Antidepressants don’t make everything 100% better straight away. There are side effects which have to be taken into account – for me, hot flashes which rival any stereotype of menopause, issues with concentration and a lowering of my libido have had to be taken into account. It’s not a decision I make lightly, to continue taking medication every single day. I do so in conjunction with regular check ins with my doctor and my psychiatrist.
I’m one of the lucky ones to have a support system around me that I trust implicitly.Â Of course, the first lot of antidepressants aren’t always successful. It’s important to check in with your medical professionals regularly to ensure that your prescription works for you. Some can make it worse before it gets better, it may require different amounts to be successful – I’ve changed doses three times in two years, all under careful consideration. For some, the first one works a charm. It’s all down to the individual case.
Antidepressants are not my only attempts to cure the internal arguments I have with myself, talk therapy is also a regular feature, as is attempts at self care and time to myself. That last one is easier said than done with a toddler who has issues with boundaries – does getting to pee alone count as self care?
The suggestions rattled out in the media for those with mental health difficulties – exercise, talking it out, getting enough sleep – are all well in good when you’re able to devote time to them. We live busy lives, and as a working mother of a toddler who abhors the idea of sleep at a reasonable hour, it can be difficult to balance prioritising myself over my family. As a result, I’ve found myself falling down the rabbit hole more than once in the last year.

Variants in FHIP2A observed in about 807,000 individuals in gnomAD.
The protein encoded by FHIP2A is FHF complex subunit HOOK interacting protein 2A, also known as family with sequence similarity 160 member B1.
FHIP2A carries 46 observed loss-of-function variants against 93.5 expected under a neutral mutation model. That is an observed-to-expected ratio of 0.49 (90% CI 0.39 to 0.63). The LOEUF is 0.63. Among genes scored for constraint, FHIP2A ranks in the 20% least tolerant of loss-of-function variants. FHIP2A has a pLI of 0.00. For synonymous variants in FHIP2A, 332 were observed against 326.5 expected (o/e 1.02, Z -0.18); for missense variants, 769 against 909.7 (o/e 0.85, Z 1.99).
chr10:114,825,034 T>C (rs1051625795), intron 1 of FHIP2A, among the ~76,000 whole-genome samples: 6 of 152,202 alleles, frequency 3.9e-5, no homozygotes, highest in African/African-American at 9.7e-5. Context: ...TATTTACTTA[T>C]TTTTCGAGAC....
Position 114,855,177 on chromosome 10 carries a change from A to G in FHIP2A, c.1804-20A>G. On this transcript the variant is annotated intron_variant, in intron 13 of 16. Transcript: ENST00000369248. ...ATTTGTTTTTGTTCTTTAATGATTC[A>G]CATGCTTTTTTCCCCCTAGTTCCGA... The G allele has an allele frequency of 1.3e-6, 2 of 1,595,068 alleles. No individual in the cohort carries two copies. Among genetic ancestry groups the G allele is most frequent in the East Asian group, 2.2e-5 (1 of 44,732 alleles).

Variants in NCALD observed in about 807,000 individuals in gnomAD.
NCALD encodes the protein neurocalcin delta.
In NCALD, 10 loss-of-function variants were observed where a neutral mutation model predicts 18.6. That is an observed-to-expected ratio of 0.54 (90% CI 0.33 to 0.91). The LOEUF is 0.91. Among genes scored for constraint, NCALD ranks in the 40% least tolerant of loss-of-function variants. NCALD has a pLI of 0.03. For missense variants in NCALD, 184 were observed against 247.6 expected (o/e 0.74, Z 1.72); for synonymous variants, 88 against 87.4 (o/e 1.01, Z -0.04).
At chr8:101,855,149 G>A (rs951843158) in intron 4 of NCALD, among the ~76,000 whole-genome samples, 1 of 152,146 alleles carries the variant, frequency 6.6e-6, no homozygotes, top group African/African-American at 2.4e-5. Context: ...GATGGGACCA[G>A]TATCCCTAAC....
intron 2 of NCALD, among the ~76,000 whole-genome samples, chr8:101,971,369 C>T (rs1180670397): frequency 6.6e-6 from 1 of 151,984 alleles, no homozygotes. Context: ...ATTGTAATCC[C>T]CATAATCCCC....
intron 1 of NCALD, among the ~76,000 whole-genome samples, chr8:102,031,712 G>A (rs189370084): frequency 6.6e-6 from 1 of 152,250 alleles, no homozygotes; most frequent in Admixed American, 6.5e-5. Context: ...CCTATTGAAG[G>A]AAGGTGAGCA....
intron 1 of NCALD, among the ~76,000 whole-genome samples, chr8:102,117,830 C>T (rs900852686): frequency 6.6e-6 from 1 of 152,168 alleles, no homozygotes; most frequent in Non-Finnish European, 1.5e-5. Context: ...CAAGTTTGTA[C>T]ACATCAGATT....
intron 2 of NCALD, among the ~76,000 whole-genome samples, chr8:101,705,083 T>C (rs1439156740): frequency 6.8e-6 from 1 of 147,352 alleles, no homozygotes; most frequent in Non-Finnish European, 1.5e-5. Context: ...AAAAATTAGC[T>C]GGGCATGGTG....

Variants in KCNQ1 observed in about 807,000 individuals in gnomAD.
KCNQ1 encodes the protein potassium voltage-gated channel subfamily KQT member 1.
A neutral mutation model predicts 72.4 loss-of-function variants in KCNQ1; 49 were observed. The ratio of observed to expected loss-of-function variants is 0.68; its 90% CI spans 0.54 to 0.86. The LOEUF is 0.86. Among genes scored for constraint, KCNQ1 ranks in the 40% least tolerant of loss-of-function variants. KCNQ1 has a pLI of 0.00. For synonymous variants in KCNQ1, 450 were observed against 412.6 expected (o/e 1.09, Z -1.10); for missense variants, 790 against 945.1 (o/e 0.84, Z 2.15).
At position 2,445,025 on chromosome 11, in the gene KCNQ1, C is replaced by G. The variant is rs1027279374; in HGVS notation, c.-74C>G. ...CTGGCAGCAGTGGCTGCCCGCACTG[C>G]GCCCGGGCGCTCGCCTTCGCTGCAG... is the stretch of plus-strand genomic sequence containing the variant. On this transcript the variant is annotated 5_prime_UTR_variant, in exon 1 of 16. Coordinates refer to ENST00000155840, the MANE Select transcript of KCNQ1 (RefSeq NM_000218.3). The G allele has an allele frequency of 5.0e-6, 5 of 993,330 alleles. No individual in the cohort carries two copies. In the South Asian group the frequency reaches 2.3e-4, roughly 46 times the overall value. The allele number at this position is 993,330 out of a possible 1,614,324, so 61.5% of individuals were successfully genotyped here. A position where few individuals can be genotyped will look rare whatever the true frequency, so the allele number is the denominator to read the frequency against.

Talk therapy is fantastic – I’ve recently started seeing a wonderful therapist who is very helpful – but it’s also draining, emotionally, mentally and physically. I leave some sessions and feel like crawling under my duvet and not coming out again for a full 24 hours. The child bouncing on me shouting for Paw Patrol does not allow for such things. That is the impact of the sessions with the antidepressants. I know from experience that without them, the desire to recoil into invisibility is much stronger.
My medication is kept safely, my child doesn’t, as far as I know, notice me taking it. What he does notice is Mammy being able to play with him, to enjoy his company, to not cry every time he throws a tantrum. Being medicated makes me a better mother, not a bad one. Speaking out about it can hopefully help others who are ashamed or afraid to admit it that it’s not a bad thing. It’s just a thing, a fact of life, and one we should feel okay to speak about. One day it won’t be considered brave to do so. Right now it is, and so I commend people in the public eye like Al, like all those who come out and speak about the different ways they need to treat their mental illness to normalise it for others.
It is by talking and telling our stories that we will normalise mental illness to be an illness like any other – one which people understand that different treatments work for different people. Regardless of what works for you, there should be no shame in choosing the best treatment option your medical professional offers. We can just hope as time goes by that this will become a non-issue. Until then, I will continue to speak out and encourage others to do so. Medication does not make me a Bad Mammy. It makes me one who cares about her son and family and herself and wants to succeed and be the best she can be – and it helps me to do so.